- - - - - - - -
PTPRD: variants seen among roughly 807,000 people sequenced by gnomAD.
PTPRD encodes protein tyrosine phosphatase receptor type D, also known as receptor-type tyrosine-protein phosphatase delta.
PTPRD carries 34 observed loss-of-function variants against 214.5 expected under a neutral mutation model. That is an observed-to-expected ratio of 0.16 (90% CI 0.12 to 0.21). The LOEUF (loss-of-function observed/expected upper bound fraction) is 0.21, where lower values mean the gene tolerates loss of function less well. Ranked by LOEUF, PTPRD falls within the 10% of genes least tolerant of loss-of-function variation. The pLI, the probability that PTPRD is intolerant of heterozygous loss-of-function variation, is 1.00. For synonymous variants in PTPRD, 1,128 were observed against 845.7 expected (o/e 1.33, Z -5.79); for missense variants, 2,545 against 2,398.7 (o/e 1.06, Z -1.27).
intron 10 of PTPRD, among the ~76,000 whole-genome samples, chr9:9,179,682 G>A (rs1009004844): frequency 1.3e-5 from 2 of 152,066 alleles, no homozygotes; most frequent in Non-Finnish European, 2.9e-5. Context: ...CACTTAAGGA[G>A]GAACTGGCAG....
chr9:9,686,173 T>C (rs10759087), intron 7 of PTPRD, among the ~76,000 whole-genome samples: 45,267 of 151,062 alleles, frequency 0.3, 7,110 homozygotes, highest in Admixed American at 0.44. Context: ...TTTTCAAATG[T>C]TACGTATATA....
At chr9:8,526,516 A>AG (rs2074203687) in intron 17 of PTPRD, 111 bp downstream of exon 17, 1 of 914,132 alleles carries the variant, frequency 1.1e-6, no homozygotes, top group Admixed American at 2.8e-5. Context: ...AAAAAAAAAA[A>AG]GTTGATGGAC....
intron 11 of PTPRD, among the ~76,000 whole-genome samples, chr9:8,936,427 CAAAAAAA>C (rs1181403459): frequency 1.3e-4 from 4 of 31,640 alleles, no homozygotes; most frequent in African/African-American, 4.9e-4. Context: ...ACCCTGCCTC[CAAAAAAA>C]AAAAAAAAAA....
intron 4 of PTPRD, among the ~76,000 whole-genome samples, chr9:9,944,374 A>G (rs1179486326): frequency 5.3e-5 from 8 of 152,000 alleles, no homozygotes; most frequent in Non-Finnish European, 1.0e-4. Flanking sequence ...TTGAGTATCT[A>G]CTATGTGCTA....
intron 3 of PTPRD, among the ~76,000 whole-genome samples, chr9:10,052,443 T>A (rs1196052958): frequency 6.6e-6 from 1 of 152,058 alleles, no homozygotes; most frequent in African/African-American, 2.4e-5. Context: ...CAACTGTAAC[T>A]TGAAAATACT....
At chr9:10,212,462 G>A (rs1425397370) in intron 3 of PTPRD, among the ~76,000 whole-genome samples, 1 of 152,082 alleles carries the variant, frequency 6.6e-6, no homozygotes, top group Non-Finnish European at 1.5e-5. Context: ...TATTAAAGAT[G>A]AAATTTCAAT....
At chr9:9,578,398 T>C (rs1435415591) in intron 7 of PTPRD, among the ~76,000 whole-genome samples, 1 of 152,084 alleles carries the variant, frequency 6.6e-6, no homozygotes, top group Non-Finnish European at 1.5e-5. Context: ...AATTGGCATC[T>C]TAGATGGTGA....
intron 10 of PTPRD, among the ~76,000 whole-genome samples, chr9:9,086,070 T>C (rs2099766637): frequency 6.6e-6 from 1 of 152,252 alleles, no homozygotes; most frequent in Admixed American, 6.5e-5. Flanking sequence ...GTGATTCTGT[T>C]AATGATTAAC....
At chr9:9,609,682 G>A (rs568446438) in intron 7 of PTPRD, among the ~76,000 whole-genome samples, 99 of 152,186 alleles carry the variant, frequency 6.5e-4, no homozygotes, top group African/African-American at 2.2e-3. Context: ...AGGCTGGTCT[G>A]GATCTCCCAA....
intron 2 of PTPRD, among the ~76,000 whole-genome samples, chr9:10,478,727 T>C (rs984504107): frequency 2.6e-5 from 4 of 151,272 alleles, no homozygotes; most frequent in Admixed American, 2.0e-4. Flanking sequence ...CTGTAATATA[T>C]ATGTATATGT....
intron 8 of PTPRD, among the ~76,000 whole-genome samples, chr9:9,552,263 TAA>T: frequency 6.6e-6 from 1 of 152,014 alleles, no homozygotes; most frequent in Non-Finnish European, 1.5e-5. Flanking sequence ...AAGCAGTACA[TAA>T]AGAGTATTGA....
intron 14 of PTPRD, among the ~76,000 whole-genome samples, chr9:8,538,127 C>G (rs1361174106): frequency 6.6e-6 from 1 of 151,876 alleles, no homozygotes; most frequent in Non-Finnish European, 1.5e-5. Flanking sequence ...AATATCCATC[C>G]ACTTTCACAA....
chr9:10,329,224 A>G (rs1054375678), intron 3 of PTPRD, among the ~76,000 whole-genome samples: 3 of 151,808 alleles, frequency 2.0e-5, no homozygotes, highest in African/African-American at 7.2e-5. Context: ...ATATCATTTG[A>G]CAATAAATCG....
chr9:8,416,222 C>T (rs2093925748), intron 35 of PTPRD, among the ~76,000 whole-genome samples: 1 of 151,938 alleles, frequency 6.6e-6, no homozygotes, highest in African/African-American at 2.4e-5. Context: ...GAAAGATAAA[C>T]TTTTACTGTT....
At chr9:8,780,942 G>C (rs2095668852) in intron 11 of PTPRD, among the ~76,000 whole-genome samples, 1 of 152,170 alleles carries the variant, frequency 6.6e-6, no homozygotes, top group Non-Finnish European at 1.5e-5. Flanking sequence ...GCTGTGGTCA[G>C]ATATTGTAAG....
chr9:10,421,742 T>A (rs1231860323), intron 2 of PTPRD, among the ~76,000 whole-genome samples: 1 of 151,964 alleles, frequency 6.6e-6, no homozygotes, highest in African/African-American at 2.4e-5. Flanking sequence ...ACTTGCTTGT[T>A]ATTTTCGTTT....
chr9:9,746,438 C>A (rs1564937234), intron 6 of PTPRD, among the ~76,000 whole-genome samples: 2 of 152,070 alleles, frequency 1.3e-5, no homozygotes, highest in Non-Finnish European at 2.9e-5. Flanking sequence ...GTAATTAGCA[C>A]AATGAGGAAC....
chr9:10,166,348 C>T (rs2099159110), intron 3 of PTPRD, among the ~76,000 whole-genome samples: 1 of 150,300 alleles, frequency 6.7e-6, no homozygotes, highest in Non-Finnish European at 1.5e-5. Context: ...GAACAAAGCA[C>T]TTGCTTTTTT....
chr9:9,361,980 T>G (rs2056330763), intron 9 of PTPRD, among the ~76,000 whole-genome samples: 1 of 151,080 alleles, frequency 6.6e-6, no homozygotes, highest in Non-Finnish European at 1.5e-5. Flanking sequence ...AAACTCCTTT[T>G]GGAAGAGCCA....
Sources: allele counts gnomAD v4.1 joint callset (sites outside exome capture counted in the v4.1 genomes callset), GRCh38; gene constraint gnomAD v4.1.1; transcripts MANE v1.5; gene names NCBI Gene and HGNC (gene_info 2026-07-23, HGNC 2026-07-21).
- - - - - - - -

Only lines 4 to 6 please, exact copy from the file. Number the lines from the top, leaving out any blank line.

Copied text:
intron 10 of PTPRD, among the ~76,000 whole-genome samples, chr9:9,179,682 G>A (rs1009004844): frequency 1.3e-5 from 2 of 152,066 alleles, no homozygotes; most frequent in Non-Finnish European, 2.9e-5. Context: ...CACTTAAGGA[G>A]GAACTGGCAG....
chr9:9,686,173 T>C (rs10759087), intron 7 of PTPRD, among the ~76,000 whole-genome samples: 45,267 of 151,062 alleles, frequency 0.3, 7,110 homozygotes, highest in Admixed American at 0.44. Context: ...TTTTCAAATG[T>C]TACGTATATA....
At chr9:8,526,516 A>AG (rs2074203687) in intron 17 of PTPRD, 111 bp downstream of exon 17, 1 of 914,132 alleles carries the variant, frequency 1.1e-6, no homozygotes, top group Admixed American at 2.8e-5. Context: ...AAAAAAAAAA[A>AG]GTTGATGGAC....